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McKinley Health Center

Masturbation: Questions and Answers

What is masturbation?
Masturbation refers to touching one's own sex organs for pleasure. Other terms used to describe masturbation include self-pleasuring, solitary sex or self-love.

Who masturbates?
In the late 1940s and early 1950s Alfred Kinsey first published results of over 15 years of research in human sexual behavior. His studies revealed that approximately 95% of males and 60% of females had masturbated. The National Health and Social Life Survey and other research conducted confirm between 48-95% of people masturbate. Regardless of cultural attitudes and values, masturbation has been found in all societies.

Are there side effects?

There are no harmful side effects of masturbation. Medical science has debunked many myths formally associated with masturbation, such as hair growing on the palms, insanity, or that masturbation will drain excessive energy from the body. Some people report feeling guilty about masturbating. Negative feelings associated with any behavior can threaten a persons health and well being. The American medical community pronounced masturbation as normal in the 1972 publication Human Sexuality.

Why do people masturbate?

Reasons given by people who masturbate include: to experience pleasure to relieve tension (sexual tension or general tension) to relieve stress to engage in sex when a partner is unavailable or does not want to have sex to relax to learn about what feels good to them and how they like to be stimulated or pleasured

The following are myths relating to masturbation that are unfounded in medical and social science. Only people, who cannot find sexual partners; or who are socially inadequate masturbate. Masturbation leads to physical problems such as mental illness and growing hair on your palms. Masturbation ruins a person for partner sex. Men will run out of semen or sperm if they masturbate excessively. Others, including medical doctors and sexual partners, will be able to tell if you masturbate.

Health benefits of masturbation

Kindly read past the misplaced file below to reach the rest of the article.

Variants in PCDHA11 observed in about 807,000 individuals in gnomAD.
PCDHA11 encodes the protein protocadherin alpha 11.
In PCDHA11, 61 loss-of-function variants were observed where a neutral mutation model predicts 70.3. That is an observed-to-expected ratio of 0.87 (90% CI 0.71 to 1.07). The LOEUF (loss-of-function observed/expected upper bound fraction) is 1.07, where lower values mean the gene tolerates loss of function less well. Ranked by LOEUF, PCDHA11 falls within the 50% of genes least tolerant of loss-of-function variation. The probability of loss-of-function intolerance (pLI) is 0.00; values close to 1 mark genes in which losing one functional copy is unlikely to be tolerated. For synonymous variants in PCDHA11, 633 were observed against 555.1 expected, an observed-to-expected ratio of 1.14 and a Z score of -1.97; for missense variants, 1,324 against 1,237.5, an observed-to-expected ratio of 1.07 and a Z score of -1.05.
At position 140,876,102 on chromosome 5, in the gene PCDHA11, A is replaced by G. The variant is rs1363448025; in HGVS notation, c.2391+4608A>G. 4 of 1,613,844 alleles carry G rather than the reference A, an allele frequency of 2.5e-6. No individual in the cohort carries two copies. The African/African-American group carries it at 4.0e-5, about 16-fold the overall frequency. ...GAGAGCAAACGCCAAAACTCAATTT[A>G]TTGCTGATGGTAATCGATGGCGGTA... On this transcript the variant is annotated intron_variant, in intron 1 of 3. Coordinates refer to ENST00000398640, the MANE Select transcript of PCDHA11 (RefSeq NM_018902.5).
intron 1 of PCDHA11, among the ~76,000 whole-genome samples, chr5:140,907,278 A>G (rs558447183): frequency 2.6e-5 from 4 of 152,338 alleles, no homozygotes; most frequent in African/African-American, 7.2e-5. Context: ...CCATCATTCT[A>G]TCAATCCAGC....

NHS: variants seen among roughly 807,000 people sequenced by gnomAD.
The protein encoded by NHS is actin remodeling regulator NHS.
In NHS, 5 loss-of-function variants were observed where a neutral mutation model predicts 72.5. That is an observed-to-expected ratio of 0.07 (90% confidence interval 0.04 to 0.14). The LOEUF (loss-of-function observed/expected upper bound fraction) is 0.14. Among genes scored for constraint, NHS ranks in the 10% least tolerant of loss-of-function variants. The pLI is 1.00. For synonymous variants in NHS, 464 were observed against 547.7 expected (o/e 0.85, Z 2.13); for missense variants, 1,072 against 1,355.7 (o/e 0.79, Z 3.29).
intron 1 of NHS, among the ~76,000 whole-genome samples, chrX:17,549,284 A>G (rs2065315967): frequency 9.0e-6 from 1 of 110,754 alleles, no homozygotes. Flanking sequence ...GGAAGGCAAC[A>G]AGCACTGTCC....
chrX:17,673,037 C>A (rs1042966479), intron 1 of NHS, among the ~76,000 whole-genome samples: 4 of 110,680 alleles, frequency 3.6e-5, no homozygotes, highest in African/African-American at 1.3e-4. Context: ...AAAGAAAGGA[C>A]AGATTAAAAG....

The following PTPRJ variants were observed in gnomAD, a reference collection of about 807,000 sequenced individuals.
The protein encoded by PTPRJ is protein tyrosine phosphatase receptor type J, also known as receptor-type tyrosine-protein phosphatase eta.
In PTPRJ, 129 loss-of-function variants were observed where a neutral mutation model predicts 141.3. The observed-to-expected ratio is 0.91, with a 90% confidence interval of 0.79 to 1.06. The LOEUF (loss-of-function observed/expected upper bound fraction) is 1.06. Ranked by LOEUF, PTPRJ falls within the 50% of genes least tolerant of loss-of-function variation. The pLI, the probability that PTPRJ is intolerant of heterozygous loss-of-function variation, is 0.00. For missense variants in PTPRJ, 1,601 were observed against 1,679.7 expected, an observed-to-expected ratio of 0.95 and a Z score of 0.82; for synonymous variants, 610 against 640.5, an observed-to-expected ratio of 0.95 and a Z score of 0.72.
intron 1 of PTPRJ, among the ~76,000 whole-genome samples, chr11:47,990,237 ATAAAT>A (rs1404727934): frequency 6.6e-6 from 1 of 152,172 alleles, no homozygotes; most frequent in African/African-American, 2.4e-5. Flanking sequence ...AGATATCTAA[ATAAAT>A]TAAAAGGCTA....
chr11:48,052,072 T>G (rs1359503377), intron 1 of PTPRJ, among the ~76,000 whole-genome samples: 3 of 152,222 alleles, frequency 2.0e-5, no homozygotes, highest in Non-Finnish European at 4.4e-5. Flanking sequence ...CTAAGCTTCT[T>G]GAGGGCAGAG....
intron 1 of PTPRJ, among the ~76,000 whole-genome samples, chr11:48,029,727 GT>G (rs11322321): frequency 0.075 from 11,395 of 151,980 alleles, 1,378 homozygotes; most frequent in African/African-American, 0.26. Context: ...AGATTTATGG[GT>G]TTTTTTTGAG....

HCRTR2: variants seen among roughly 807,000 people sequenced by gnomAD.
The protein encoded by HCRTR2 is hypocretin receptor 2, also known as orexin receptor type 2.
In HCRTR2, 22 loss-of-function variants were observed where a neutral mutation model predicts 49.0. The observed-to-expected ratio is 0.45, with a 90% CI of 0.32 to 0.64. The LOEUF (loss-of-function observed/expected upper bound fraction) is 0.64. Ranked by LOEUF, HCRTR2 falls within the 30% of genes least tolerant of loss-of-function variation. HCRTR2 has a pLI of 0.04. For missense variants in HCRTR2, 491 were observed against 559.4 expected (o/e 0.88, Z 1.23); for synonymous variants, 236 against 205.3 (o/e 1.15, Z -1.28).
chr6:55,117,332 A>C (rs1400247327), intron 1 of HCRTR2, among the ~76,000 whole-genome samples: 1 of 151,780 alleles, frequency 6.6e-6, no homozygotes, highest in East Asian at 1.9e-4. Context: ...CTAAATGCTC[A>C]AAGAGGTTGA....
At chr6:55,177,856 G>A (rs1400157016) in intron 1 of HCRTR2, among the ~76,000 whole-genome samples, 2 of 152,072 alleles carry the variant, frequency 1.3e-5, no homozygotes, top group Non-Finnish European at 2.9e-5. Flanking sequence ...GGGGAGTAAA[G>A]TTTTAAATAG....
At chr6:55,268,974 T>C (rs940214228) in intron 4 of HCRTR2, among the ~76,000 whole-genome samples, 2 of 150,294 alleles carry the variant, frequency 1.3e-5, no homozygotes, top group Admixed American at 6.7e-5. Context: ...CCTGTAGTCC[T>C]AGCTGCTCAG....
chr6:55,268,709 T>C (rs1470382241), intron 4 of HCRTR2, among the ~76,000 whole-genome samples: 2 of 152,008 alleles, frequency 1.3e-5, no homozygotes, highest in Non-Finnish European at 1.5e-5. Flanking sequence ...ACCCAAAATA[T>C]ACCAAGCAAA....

A number of studies have proven the benefits of self-pleasuring to mental, social and physical health. Masturbation alleviates premenstrual tension for many women. Masturbation provides a healthy sexual outlet for people who choose to abstain from sex with partners or who do not currently have available sexual partners. Masturbation can be a route to safer sex, to help prevent pregnancy and sexually transmitted infections, including HIV. Masturbation allows for sexual pleasuring for those who are not ready to engage in vaginal, anal or oral sex. Increases blood flow to the genital region, which can help overall sexual functioning. Masturbation can induce sleep. Masturbation allows people to become familiar and comfortable with their body. Masturbation is often suggested as a therapeutic technique for overcoming sexual dysfunction. For women, it can help them learn how to achieve orgasm.
HEd. III-226

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For men, it can help them increase ejaculatory control and manage rapid or delayed ejaculation. Masturbation can help alleviate stress.

Can a person become addicted or masturbate too much?

People often wonder about the normal amount of masturbation. Each person must decide for himself or herself how much to masturbate. Professionals agree that there are no physical or mental implications for frequent masturbation, unless it is symptomatic of an obsessive/compulsive disorder (OCD). Symptoms of OCD are repeatedly performing a behavior to the extent that it interferes with daily functioning, professional responsibilities, or personal relationships. Behaviors that are performed to reduce stress or alleviate tension, including masturbation, are not considered symptomatic of a disorder unless they interfere with a persons daily personal or professional life or hinder a person from fulfilling their responsibilities and commitments.

Masturbation-From Stigma to Sexual Health. The White Paper, Planned Parenthood Federation of America (2002). Barbach, Lonnie. (2000, 1976). For Yourself: The Fulfillment of Female Sexuality Dodson, Betty (1995). Sex for One: The Joy of Selfloving. Cornog, Martha (2003). The Big Book of Masturbation. Masturbation: From myth to sexual health. (2003) Contemporary Sexuality, 37, 3, pp. i-vii. Komisaruk, B., Beyer-Flores, C., and Whipple, B. The Science of Orgasm Baltimore: Johns Hopkins University Press, 2006.

If you are a registered University of Illinois student and you have questions or concerns, or need to make an appointment, please call: Dial-A-Nurse at 333-2700 If you are concerned about any difference in your treatment plan and the information in this handout, you are advised to contact your health care provider. Visit the McKinley Health Center Web site at:
masturbation HEd. III-226 The Board of Trustees of the University of Illinois, 2008.

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